Think frat house for techies—with a twist of high-end coffee—and you’ve got the picture at CoHabitat. Ensconsed in an old house with sloping wood floors, left-over pizza in the fridge, and a kegerator to keep the beer cold, the State-Thomas co-working outfit is where several technology start-up companies are working on the next greatest apps for the iPhone, among other things.
It’s 10 a.m., and Ross Bates is one of the few CoHabitat diehards at his desk. Hey, it’s Friday; more will trickle in later, he says. Some nights, they’ll work through the wee hours if the creativity is flowing. Bates, who’s starting a business analytics software company, has been paying $275/month for a permanent desk at CoHabitat since March 2009. He likes the location, the synergy of working alongside other entrepreneurs, and the price. Desks on a first-come, first-serve basis in another room are available for $100/month. Twenty bucks gets you a day pass.
Upstairs, Christopher St. John with startup Pure Discovery says he likes that he can head out the door and walk to the Dallas Arts District—or downstairs to the kitchen for a bite to eat.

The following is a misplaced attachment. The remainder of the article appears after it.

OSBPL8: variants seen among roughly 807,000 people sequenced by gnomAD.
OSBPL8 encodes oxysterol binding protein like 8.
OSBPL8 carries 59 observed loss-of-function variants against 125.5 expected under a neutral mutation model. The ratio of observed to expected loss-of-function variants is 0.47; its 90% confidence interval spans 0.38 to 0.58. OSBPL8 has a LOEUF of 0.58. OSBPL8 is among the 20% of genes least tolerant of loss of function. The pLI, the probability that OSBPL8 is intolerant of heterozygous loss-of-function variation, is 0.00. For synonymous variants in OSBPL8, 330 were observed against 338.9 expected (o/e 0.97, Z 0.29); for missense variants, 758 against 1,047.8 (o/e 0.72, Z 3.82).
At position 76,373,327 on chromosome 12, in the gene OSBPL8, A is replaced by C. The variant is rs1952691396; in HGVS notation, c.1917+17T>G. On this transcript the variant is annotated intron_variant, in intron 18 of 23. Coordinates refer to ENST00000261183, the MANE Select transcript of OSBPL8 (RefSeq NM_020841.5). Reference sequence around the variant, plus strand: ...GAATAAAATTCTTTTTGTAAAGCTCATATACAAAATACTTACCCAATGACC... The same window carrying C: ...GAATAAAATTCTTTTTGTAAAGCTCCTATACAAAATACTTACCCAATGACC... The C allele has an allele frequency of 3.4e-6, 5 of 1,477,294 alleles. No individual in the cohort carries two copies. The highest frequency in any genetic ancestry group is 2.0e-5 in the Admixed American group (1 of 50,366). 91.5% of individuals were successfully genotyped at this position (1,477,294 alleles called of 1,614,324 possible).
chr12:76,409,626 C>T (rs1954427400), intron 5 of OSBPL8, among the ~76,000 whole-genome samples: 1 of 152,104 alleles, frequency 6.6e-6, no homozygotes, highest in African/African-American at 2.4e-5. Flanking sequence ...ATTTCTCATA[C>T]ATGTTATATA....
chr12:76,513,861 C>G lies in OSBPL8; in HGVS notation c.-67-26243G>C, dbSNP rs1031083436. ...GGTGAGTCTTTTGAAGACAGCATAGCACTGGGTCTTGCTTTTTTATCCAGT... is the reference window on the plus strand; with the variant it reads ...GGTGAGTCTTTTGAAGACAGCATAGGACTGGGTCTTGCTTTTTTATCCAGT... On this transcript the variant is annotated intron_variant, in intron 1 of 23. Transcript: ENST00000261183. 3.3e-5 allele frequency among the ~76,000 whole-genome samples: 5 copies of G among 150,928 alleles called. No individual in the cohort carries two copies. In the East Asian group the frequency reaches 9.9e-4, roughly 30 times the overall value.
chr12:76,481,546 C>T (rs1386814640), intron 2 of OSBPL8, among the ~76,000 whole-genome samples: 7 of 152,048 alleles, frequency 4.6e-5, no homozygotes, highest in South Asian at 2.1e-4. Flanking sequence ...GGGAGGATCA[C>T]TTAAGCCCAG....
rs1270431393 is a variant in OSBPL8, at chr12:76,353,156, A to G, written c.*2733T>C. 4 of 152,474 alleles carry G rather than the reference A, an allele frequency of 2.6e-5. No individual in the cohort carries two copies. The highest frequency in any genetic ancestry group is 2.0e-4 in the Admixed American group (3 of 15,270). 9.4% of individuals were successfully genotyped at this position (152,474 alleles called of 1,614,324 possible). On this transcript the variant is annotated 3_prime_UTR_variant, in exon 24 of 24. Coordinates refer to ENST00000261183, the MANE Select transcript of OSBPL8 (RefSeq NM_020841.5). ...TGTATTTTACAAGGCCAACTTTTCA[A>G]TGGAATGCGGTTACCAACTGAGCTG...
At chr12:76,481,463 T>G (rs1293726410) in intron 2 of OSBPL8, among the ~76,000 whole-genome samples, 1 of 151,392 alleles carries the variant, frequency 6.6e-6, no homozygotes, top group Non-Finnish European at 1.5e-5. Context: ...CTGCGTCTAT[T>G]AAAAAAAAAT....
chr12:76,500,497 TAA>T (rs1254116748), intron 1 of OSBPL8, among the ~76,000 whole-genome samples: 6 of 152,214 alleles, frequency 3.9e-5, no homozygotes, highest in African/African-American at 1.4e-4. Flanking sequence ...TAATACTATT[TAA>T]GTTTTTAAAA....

i-Welcome to “co-working,” a concept gaining traction in Dallas-Fort Worth with at least a half-dozen local sites. The idea is to bring together entrepreneurs seeking a sense of community and a synergy to propel their businesses forward.
Trent Clark, an independent architect, has opened one of the newest locations: SmartOffice in Flower Mound. “I got so tired of the isolation and lack of interaction that I needed to find a solution,” says Clark, who spent eight years working from home. “When I found co-working it rang a bell, so I bought some property and renovated an old home into a commercial space. It’s a great place to work.”
In Dallas, CoHabitat co-founders Blake Burris (with startup Dynamo Labs) and Dave Copps (with Pure Discovery) have spent about $50,000 so far on renovations to the old home they lease. They had a launch party last April and expect to break even their first year.
“People here are working independently, but are not isolated,” says Burris, who’s opening another co-working location in his hometown of Shreveport, La. “You create this habitat, if you will, for innovation. It’s a breeding ground for ideas.”